Present realities and the future of Internet giso Images

Present realities and the future of Internet giso Images

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Ming-Hsiang Tsou
Assistant Professor
Department of Geography
San Diego State University, USA
[email protected]

Most GIS professionals expect that the Internet is the future of GIS. This paper provides an introduction to Internet GIS technologies by discussing today’s realities and a vision of the future Internet GIS. This paper will also introduce some examples of data standards for the Internet GIS

Internet GIS is definitely a very hot topic today. It has a tremendous potential in almost every subfield of traditional Geographic Information Systems (GIS). It may even change our lifestyle in the next few years. Huge outlays of effort, money, and people have developed the related technologies, software packages and applications.

What is Internet GIS?

What is Internet GIS? The book, Internet GIS: Distributed Geographic Information Services for the Internet and Wireless Networks, defines Internet GIS as: “network-based geographic information services that utilize both wired and wireless Internet to access geographic information, spatial analytical tools, and GIS web services” (Peng and Tsou, 2003, p. xxx). There are a few key concepts in this definition. First, “network-based” indicates that the whole framework of Internet GIS is sharable and exchangeable. Second, the method of telecommunication includes both “wired and wireless”. Mobile devices with wireless communication are an integral part of the Internet GIS framework. Finally, the contents of Internet GIS include not only displaying Internet maps or sharing on-line geospatial information, but also providing advanced GIS analysis functions and new information services.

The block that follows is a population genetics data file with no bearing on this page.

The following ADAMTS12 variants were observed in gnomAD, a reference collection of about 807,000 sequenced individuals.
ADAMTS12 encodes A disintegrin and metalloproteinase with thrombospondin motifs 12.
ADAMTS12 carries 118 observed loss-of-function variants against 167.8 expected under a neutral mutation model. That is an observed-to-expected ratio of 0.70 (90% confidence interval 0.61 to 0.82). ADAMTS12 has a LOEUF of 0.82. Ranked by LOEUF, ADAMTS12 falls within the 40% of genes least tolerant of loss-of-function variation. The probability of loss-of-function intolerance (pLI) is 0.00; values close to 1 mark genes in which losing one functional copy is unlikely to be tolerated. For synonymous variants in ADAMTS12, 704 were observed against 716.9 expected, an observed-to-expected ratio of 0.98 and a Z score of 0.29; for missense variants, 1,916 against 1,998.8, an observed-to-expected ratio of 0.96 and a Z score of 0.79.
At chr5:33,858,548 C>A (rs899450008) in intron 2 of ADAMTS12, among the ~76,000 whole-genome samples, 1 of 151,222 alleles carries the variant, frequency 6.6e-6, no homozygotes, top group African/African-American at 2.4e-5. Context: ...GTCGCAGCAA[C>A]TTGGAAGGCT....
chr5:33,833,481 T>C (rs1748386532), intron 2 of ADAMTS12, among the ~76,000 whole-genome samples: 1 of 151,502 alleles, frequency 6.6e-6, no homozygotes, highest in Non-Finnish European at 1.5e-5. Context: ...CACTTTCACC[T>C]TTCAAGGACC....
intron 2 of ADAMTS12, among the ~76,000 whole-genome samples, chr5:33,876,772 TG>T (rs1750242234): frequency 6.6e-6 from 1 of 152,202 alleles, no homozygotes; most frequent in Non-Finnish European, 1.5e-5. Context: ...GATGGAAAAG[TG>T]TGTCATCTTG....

The distributed Internet GIS framework, is an example of the revolution of information systems — from traditional architecturally closed and centralized information systems to more open and distributed information service architectures (Tsou and Buttenfield, 2002). The driving force behind this transformation of GIS architecture is the availability of new technology in network communication and programming. New languages such as Java, Python, and C# (C-sharp) support platform-independent applications across the Internet. Advanced network technologies, such as Microsoft .NET framework, J2EE platform, and Common Object Request Broker Architecture (CORBA) provide a comprehensive scheme for distributed component technology essential to the development of Internet GIS. Distributed component technology allows clients to access heterogeneous servers dynamically, which is an essential feature of distributed GIServices. We foresee a future in which traditional GISystems, designed as isolated islands, will become increasingly less attractive, maybe disappearing altogether. The cost efficiencies and flexibility of reusable and interoperable open and distributed services interfaces will provide greater economies. GIServices focus on open, distributed, task-centered services, which will broaden geographic information uses into an increasingly wide range of on-line geospatial applications These include digital libraries, digital governments, on-line mapping, data clearinghouses, real-time spatial decision support tools, distance learning modules, and so on.

Fig 1 Three kinds of Internet GIS